The effort to reinvent the old Bank of America building in the Six Points area of Highland Park continues, with two local groups emerging as the respondents to a recent RFP issued by the property’s owner, the Richmond Land Bank.
Vying for the long-dormant branch at 1307 E. Brookland Park Blvd. is HandUp Community Resource Center, which has pitched an idea for a community health resource center and pharmacy, while Bantu Global Commodities aims to convert the building into restaurant and community market concept.
The two groups now await a meeting of the Land Bank’s citizen’s advisory panel on Nov. 3, where it’s expected to make a recommendation for the winning bid. Then the board of the Maggie Walker Community Land Trust, the nonprofit that administers the Land Bank, will ultimately choose the final end user and enter into a development agreement on Nov. 15.
The road toward an RFP to repurpose the 4,800-square-foot building began when Bank of America closed the branch in early 2017, much to the chagrin of some in the neighborhood.
The banking giant then donated the property, which sits along the Six Points roundabout, to the land bank in 2019.
Determined to let the community have a say in the building’s fate, the Land Bank started the process by soliciting feedback from neighbors for suggestions on what sort of commercial use would fit best in the neighborhood.
Suggestions included a grocery store or farmer’s market, a restaurant, coffee shop, cafe or bakery, a community center, or a doctor’s office.
An RFP was formally issued on June 4, with responses due Aug. 2. In addition to pitching a new use for the property, respondents must agree to purchase the building. The adjacent parking lot would be retained in perpetuity by the land trust.
Julia MacNelly, program director for the Land Bank and MWCLT, said HandUp and Bantu were the only two respondents to submit formal, complete proposals. She said at one point there were around 10 interested parties but the two finalists are the only two who saw the process all the way through.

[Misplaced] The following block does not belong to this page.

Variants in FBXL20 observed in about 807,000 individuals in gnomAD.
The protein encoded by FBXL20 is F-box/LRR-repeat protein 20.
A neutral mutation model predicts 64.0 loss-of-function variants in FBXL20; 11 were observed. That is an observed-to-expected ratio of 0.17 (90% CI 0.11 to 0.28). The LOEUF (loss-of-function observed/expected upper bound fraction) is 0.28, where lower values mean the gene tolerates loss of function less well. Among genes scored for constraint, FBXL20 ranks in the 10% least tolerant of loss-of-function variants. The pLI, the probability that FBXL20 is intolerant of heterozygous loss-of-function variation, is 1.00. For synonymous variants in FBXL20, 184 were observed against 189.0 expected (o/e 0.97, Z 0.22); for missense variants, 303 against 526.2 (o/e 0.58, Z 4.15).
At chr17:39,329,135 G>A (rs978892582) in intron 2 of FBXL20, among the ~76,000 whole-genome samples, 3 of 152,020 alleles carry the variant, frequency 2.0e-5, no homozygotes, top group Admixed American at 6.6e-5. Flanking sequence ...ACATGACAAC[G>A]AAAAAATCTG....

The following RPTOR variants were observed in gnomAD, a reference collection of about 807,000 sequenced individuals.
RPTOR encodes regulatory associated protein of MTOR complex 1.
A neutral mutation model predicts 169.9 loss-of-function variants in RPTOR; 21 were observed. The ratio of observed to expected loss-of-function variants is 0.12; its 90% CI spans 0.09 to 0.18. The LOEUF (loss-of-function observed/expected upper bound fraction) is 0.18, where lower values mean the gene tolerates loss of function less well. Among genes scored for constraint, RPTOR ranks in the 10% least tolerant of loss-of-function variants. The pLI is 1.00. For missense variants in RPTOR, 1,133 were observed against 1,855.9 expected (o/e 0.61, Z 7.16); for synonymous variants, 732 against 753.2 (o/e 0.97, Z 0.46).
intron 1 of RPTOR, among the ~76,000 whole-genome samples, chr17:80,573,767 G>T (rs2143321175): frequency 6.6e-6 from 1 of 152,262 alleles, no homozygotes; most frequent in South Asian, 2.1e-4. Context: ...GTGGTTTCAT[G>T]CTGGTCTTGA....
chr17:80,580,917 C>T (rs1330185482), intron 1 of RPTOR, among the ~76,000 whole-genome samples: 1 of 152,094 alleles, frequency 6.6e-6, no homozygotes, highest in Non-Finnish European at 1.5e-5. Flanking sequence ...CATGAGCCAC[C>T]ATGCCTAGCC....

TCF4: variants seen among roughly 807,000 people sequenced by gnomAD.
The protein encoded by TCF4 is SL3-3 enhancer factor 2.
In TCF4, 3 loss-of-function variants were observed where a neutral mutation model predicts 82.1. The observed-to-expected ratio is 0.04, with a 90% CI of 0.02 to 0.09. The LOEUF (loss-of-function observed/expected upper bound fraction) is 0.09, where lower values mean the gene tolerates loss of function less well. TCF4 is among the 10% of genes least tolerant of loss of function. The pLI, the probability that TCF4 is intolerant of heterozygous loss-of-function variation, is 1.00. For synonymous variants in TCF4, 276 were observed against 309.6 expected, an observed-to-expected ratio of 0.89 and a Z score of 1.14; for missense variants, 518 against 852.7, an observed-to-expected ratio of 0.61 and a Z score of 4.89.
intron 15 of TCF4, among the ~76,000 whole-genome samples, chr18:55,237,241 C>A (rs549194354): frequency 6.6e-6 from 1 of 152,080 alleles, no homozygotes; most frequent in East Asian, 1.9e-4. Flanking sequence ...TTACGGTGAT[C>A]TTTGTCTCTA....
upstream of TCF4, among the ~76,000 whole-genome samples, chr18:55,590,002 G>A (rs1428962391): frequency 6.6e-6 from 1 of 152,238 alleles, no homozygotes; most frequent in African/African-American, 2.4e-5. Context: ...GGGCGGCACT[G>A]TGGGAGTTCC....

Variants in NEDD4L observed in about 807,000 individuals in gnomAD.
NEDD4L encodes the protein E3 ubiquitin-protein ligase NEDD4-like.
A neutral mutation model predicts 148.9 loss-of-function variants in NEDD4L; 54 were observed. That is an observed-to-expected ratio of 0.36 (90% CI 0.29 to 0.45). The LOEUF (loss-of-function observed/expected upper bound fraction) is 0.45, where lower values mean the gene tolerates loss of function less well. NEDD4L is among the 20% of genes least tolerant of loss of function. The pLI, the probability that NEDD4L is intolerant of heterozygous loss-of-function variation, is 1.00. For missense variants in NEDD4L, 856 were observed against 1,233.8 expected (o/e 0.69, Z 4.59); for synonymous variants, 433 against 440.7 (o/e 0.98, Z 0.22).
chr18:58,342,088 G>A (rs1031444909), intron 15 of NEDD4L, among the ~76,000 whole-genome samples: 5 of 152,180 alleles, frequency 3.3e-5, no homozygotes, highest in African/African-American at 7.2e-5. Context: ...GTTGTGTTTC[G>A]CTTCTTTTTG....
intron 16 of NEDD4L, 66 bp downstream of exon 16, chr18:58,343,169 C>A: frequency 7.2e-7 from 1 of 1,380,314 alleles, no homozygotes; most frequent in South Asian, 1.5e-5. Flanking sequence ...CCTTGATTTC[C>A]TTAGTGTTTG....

Bantu Global Commodities, a two-year-old organization run by Richmonder Tyrell Junius, is pitching a community space, grocery market, restaurant, events venue, and farmer’s market dubbed The Vault.
The Vault would aim to Northside youth and young adults involved in its programs and for employment, while being a source of healthy food choices for the surrounding neighborhoods.
“The Vault is interested in this opportunity for the chance to bring healthier lifestyles, economic growth, and personal empowerment to the Northside community,” the group stated in its RFP submission.
Bantu is competing against HandUp Community Resource Center, a Southside-based nonprofit organization that runs a food pantry off Midlothian Turnpike, veterans assistance and housing programs, among other efforts.
Its pitch is to convert the bank building into The Health Hub, a community clinic and pharmacy. Led by Augusta Hite, the group HandUp also would look to offer food pantry services and a farmers market in the property’s large parking lot.
“The Health Hub offers and will continue to develop a range of healthcare services for the underserved throughout Highland Park and surrounding communities,” HandUp’s submission states.
As for proposed purchase prices, the RFP emphasizes that the building is assessed at $212,000 and that “applicants are encouraged to bid competitively.”
The Bantu group disclosed that it would pay $275,000 for the property. HandUp’s proposal pitched a purchase price of $121,000.
Both groups expect to spend around $60,000 on renovations and both plan to incorporate the bank’s vault into their plans.
As to how the ultimate decision might play out on Nov. 3, MacNelly the Land Bank and the applicants have had ongoing communication to address questions and comments related to their pitches.
She said continued tweaks of the business plans are likely even after the Nov. 3 meeting, as the board of the Land Bank and MWCLT continue to vet the applications.
MacNelly emphasized that the Land Bank’s citizens advisory panel continues to take into account public comments on both proposals. She said citizens are welcome to send in additional comments ahead of and during the Nov. 3 meeting.
Elsewhere on Brookland Park Boulevard, a debate is heating up over a parklet and parking, in a sign of tensions caused by the neighborhood’s continued evolution.